New Jersey Symphony Orchestra Continues Winter Festival with Melding of Poetry and Music
By Nancy Plum
Since late November, New Jersey Symphony Orchestra has been presenting a Winter Festival throughout New Jersey, with performances depicting how “Music Speaks.” The Orchestra brought the Festival to Richardson Auditorium last Friday night with both a performance of contemporary poetry set to music and a towering 19th-century symphony featuring text drawn from an early 19th-century anthology. In this concert, New Jersey Symphony Orchestra Music Director Xian Zhang conducted a lean first half of chamber instrumental textures and a second half of lush Romantic orchestration tempered with Viennese buoyancy.
Composer and Minnesota native Maria Schneider has been credited with revitalizing the big band sound in the 21st century, as well as fusing the jazz and classical worlds. Schneider’s 2013 Winter Morning Walks, a setting of nine poems by Iowa poet Ted Kooser, has received a Grammy for Best Classical Composition, and has been championed by soprano Dawn Upshaw, for whom it was composed. In Friday night’s performance of this work, Schneider combined three musicians from her own jazz orchestra with strings from the NJSO to accompany Upshaw in conveying Kooser’s descriptive Americana poems. Upshaw and some of the instrumentalists were amplified, which took away a bit from the soprano’s acoustic resonance, but Upshaw used the amplification well to convey the text through the hall.
Schneider chose to set Winter Morning Walks from her lifelong interest in the poet Kooser, as well as the touching backstory of Kooser’s compilation of these poems as chronicling his own battle with cancer. Performing as a conductorless ensemble (although Upshaw led the musicians at times), Upshaw and the instrumentalists of the NJSO brought Kooser’s poetry to life with impeccable tuning and expressive singing from Upshaw and lush string accompaniment when called for. Schneider’s music proved to be accessible and appealing, pulling at the emotions of the audience.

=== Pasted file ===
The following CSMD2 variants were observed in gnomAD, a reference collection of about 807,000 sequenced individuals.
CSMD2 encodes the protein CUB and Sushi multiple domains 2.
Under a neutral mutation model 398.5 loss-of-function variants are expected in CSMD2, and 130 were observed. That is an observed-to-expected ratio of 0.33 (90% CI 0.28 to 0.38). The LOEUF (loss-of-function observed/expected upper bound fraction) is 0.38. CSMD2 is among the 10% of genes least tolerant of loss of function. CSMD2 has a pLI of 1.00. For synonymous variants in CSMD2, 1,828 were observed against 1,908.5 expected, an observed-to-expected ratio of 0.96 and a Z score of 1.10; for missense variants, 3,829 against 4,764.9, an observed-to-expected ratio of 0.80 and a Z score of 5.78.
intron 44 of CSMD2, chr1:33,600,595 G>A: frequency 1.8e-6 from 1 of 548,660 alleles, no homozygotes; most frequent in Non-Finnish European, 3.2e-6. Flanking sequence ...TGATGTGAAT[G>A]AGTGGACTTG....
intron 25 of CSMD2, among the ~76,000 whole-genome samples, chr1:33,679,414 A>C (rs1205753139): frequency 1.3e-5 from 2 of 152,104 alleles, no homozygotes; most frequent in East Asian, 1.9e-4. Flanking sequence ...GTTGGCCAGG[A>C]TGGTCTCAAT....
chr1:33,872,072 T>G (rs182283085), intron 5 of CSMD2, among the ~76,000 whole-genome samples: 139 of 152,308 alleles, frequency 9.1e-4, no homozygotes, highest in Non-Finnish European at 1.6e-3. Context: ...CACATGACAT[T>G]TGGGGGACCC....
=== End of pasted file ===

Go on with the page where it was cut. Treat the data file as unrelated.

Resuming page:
The role of the three guest jazz musicians in Friday night’s performance was very much improvisatory. Pianist Frank Kimbrough, clarinetist Scott Robinson, and bass player Jay Anderson added freely-played passages to the nine Kooser poems set by Schneider. Robinson in particular, alternating between alto and bass clarinets, added rich color to Schneider’s string writing accompanying Upshaw’s clear and warm singing. An especially effective depiction of the vernal equinox in the eighth poem, aided by a melodic violin solo from concertmaster Eric Wyrick, enabled the audience to well imagine spring emerging from winter’s clutches.
Part of 19th-century Austrian composer Gustav Mahler’s revolutionary orchestral legacy was his intertwining of song and symphony. His Symphony No. 4 in G Major, composed between 1899 and 1901, was one of several of the composer’s symphonies incorporating the human voice. In Mahler’s compositional imagination, Symphony No. 4 was full of Viennese lightness and pastoral atmosphere, a journey toward innocence which culminated in an angelic scene in which heaven is “hung with violins.”
NJSO presented this monumental work Friday night again featuring soprano Dawn Upshaw. From the opening precise winds, NJSO’s performance of this work emphasized Viennese clarity within a lush orchestral palette. A lean sectional cello melody was complemented by elegant solo playing from oboist Robert Ingliss, as well as English horn player Andrew Adelson. Zhang played with the tempi well, bringing out the multiple ideas which can always be found in Mahler’s works. Most notable in this performance were violin solos from Eric Wyrick, played on a separate instrument at times to conform with Mahler’s requirement that a second solo violin be tuned a whole step higher than normal.
For the final movement, Mahler set poetry from the early 19th-century German anthology Das Knaben Wunderhorn, a source he returned to extensively; the poem used in this symphony, “Der Himmel hangt voll Geigen,” may have informed as many as five Mahler symphonic movements. Mahler set this poem initially for voice and piano in 1892, originally intending the setting as a final movement to Symphony No. 3, however through reworking the two pieces, Symphony No. 4 finished the story begun in No. 3. Accompanied by pizzicato harp and strings, Upshaw sang the poetry of the final movement with animation, bringing to life Mahler’s pastoral world of innocence where “angels bake bread” and “St. Peter fishes in a pond stocked daily by God,” as NJSO closed the concert with elegance and grace.
New Jersey Symphony Orchestra will present its next Princeton performance on Friday, March 22, 2019 at 8 p.m. at Richardson Auditorium. Xian Zhang will conduct music of Schubert, Schumann, and Dvorak. Ticket information can be obtained by calling 1-800 ALLEGRO or by visiting www.njsymphony.org.